Google's Chromecast usurps Apple TV in streaming content device race

Posted:
in iPod + iTunes + AppleTV edited March 2015
Cheap streaming media players like Google's Chromecast and Amazon's Fire TV are gobbling up marketshare from streaming device heavyweights Apple and Roku, with Apple TV dropping its long-held second place spot to the Internet search giant's latest attempt on the living room.




According to fresh data from market research firm Parks Associates, the streaming media device industry shifted in 2014 toward upstart players Google and Amazon, with previous giants Apple and Roku both seeing severe drops in marketshare, reports CNET.

The entire sector is growing, as ten percent of all U.S. households with broadband connections purchased either a set-top streamer or small stick-format device during the first three quarters of 2014. Sales have already reached last year's levels and the lucrative holiday shopping season has not yet been accounted for.

Roku still leads in marketshare and accounts for 29 percent of sales, though that number is down drastically from 2013 when Roku took almost half of the market. Google Chromecast jumped into second place with a 20 percent share, ousting former No. 2 Apple TV, which currently holds 17 percent of the market. Apple shed 9 points from last year, with sales almost entirely going to Google and newcomer Amazon, which itself captured a 10 percent marketshare.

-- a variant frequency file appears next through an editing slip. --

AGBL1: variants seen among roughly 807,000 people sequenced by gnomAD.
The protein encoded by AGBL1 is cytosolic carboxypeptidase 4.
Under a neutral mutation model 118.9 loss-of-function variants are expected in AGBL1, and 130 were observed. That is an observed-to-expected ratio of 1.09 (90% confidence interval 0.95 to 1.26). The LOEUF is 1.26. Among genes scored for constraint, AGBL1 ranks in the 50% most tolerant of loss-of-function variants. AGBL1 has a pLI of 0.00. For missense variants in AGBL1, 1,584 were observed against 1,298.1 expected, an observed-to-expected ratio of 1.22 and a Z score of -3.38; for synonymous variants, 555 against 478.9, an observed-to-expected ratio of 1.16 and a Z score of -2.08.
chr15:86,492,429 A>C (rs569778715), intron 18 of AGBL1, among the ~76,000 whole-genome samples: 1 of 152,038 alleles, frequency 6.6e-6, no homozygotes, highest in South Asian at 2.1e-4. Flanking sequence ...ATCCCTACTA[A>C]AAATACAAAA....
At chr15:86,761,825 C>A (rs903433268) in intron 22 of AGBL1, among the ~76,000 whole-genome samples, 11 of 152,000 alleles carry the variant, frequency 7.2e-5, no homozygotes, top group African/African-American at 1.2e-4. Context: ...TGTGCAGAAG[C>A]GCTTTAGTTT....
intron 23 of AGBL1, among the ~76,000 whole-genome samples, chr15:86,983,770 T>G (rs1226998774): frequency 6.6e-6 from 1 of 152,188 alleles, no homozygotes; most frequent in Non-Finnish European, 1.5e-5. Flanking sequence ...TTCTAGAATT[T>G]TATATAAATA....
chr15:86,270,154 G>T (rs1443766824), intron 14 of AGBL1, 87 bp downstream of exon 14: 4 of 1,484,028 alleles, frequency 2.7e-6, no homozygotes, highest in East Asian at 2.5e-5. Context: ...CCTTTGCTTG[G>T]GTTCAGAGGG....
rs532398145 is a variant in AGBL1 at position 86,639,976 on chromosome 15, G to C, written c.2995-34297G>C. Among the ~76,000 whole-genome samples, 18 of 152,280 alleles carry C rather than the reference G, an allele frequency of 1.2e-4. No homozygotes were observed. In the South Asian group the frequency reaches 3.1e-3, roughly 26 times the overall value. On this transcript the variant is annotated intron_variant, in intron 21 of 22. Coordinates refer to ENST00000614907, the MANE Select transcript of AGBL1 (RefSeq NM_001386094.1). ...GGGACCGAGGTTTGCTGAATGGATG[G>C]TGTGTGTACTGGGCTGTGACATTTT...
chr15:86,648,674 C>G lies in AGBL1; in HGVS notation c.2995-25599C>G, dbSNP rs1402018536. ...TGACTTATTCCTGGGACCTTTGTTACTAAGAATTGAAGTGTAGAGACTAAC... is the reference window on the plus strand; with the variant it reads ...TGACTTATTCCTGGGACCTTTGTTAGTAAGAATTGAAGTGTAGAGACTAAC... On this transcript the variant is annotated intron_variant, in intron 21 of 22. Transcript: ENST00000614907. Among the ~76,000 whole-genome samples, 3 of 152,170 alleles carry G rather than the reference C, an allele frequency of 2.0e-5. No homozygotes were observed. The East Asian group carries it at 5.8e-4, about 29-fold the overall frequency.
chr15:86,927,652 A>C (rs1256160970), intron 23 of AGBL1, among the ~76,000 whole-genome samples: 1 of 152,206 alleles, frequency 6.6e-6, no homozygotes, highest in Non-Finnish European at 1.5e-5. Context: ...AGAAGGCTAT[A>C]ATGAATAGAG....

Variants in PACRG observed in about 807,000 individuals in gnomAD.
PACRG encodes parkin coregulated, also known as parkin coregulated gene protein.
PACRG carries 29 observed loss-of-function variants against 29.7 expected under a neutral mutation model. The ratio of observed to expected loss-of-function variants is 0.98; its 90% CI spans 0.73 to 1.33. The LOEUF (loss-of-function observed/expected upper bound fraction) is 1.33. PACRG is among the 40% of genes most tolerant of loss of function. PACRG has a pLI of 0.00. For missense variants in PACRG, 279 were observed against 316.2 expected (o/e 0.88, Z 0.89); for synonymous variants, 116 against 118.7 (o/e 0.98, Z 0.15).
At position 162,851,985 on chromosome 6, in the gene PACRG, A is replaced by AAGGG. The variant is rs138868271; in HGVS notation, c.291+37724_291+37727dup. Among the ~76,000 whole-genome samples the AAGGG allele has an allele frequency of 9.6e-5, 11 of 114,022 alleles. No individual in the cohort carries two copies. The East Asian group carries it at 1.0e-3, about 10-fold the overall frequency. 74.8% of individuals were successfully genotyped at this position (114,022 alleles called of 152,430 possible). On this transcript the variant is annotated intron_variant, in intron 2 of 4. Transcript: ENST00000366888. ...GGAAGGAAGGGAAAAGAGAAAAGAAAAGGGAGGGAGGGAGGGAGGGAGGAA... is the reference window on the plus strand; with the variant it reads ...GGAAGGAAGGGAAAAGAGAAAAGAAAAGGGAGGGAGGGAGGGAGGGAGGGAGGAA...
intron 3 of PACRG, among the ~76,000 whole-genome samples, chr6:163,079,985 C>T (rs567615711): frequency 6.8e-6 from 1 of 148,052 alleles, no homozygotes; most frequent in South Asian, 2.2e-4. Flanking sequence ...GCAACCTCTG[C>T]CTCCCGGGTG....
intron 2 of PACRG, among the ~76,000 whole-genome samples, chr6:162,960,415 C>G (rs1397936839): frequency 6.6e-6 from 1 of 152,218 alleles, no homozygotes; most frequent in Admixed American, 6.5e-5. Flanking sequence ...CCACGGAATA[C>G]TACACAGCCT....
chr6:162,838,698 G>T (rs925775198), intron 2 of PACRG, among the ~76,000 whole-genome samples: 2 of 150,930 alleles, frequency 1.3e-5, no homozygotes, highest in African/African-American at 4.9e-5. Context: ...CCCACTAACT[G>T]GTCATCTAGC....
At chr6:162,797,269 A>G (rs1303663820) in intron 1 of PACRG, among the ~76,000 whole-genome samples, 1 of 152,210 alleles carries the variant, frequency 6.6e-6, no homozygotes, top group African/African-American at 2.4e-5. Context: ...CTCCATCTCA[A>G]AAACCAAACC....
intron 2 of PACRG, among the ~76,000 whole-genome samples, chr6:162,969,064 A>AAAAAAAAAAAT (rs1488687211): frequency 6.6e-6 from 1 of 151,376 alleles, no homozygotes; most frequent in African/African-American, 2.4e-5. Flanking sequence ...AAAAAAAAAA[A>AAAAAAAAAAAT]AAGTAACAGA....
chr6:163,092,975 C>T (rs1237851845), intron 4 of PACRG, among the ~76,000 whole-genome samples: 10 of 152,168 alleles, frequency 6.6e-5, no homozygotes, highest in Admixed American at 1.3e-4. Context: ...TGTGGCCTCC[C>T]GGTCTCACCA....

"Nearly 50% of video content that U.S. consumers watch on a TV set is non-linear, up from 38% in 2010, and it is already the majority for people 18-44," said Barbara Kraus, a director of research at Parks Associates. "The market is changing rapidly to account for these new digital media habits. Roku now offers a streaming stick, and Amazon's Fire TV streaming stick leaves Apple as the only top player without a stick product in the streaming media device category."

With a price of $99, Apple TV is seeing stiff competition from cheap hardware that offers similar functionality for a fraction of the cost. While not as robust a solution, streaming sticks like the $35 Chromecast represent less of an investment for consumers.

The streaming market will continue to grow in the coming years and Parks Associates estimates that 2017 will bring almost 50 million streaming devices sold globally.

A revamped Apple TV has long been rumored for release, though reports claim difficulties with content owners have forced Apple to push back release into 2015. Along with a possible redesign, some speculate that the upcoming Apple TV box will include motion controls similar to Microsoft's Kinect for Xbox.
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Comments

  • Reply 1 of 65

    All the more reason to launch a proper replacement to cable and satellite next year, removing the Apple TV from these lists and throwing it up against Comcast, DirectTV, and Dish on the bar graphs.

  • Reply 2 of 65